Glen Campbell was released this morning from a Phoenix jail after being arrested yesterday on suspicion of drunk driving, aggravated assault on a police officer and for a hit and run.
The country-pop legend was arrested at his home after a witness said Campbell fled the scene of a two-car collision in his adopted hometown. Campbell's BMW struck a Toyota Camry at an intersection on Monday afternoon, and the witness followed the car and alerted authorities who arrived at Campbell's home. Police booked the singer, 67, on suspicion of "extreme" drunken driving; authorities are unable to divulge the results of blood-alcohol tests, but the term is used for results above .15 (the legal limit in Arizona is .08). As Campbell was being processed at police headquarters, he allegedly kneed a sergeant in the leg.
Campbell appeared before Commissioner Steve Kupiszewski and was put on supervised release, which could require alcohol and drug tests of him. Campbell had battled alcohol and drug dependency earlier in his career, but his move to Phoenix more than two decades ago signaled a sober change of direction for him. "It caused a lot of havoc in my life," he told Mojo in August of a late-Seventies period of cocaine and alcohol abuse. "I write it off to experience; I got on with my life. It was a terrible time."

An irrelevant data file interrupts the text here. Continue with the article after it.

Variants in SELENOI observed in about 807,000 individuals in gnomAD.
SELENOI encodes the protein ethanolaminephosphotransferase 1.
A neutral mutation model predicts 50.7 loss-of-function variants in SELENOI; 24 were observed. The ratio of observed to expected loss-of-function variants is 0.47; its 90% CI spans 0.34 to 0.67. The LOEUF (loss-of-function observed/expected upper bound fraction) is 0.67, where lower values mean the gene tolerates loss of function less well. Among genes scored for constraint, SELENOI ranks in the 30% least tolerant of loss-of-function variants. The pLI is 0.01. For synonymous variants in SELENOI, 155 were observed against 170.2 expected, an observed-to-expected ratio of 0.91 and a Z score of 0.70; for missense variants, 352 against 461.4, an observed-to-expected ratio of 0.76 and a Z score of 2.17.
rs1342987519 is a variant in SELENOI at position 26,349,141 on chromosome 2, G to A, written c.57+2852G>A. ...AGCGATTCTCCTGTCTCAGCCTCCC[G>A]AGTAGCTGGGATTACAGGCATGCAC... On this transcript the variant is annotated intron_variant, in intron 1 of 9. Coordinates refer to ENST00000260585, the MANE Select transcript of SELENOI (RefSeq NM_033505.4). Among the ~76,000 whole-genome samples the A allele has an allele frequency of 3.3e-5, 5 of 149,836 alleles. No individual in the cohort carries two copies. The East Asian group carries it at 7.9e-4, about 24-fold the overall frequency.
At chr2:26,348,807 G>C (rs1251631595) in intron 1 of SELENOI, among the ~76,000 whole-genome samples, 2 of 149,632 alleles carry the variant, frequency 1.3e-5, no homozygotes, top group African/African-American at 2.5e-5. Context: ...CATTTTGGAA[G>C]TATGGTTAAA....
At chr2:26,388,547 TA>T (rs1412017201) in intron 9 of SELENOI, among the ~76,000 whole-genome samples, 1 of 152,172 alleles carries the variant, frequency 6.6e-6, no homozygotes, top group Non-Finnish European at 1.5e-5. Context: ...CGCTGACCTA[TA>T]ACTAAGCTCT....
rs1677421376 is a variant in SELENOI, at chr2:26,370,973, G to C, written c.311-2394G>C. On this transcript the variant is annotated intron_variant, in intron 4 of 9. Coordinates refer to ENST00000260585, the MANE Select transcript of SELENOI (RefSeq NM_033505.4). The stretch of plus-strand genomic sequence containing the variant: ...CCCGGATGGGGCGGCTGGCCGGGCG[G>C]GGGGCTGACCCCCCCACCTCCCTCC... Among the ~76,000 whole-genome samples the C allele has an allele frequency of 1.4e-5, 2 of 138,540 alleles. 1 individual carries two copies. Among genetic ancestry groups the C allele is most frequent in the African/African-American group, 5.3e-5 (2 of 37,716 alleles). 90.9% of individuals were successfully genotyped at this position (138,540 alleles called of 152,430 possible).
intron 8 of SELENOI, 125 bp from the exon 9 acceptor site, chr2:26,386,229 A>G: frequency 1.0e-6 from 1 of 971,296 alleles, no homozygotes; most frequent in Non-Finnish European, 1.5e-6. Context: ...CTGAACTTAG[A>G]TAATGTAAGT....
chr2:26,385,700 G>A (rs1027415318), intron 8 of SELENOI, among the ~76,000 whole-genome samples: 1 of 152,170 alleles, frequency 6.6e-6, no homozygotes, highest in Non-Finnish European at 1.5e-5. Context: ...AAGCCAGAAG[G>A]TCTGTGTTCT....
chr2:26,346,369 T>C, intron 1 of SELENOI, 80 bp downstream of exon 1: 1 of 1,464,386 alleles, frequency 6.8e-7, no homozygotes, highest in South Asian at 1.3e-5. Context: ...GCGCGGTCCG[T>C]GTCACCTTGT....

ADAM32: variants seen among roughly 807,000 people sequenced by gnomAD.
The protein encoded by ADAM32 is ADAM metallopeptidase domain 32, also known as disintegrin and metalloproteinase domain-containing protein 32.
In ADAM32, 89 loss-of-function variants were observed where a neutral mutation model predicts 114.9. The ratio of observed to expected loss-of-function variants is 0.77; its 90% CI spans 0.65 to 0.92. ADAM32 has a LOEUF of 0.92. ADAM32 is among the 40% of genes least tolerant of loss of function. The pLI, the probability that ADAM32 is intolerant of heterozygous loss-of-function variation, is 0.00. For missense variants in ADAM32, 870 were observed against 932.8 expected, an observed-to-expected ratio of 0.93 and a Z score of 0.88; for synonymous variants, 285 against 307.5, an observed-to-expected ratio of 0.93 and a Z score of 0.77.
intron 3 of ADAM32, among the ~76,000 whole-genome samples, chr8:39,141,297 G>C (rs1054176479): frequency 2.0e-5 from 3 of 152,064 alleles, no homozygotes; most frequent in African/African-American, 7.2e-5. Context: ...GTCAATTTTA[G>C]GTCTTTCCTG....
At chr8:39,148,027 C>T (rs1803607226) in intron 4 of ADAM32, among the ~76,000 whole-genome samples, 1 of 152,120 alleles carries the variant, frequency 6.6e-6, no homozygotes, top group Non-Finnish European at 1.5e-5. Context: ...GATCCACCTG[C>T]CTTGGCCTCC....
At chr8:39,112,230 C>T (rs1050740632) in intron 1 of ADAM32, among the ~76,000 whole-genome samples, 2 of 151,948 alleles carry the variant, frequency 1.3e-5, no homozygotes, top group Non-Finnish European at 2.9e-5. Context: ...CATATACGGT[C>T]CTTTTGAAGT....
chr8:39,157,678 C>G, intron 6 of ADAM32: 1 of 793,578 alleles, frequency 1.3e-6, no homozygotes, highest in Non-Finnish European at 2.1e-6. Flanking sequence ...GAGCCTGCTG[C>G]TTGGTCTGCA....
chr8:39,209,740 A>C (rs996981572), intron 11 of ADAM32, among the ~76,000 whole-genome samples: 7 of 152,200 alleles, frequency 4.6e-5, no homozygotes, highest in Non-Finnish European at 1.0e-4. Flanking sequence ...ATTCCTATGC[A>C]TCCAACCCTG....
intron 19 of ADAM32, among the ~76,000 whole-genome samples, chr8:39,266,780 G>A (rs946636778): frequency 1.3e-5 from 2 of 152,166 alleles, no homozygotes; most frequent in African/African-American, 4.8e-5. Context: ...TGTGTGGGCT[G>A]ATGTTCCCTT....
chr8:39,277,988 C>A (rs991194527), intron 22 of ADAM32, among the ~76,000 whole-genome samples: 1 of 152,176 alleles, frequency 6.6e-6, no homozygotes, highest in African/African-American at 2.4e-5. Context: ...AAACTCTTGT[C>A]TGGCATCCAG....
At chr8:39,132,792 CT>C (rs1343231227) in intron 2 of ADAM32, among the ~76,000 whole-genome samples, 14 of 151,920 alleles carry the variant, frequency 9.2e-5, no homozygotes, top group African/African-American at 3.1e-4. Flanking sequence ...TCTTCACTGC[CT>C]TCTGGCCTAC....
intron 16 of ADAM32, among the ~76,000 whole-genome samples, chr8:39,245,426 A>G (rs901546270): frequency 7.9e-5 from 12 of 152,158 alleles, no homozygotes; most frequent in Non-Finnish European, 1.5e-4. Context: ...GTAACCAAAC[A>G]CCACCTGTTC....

Campbell's career is among the most varied and distinguished in pop music. In the Sixties, the Arkansas-born Campbell was among the most in-demand session guitarists in pop, working with artists including Frank Sinatra, Nat King Cole, the Beach Boys and the Monkees, and as a member of Phil Spector's legendary studio ensemble the Wrecking Crew. His symphonic brand of country-pop and a television variety show made him a huge star in the Seventies. Earlier this fall, Capitol Records released a career-spanning, four-CD Campbell box set, Legacy 1961-2002.
To read the new issue of Rolling Stone online, plus the entire RS archive: Click Here
POLITICS No Price Big Banks Can't Fix
Picks From Around the Web
blog comments powered by Disqus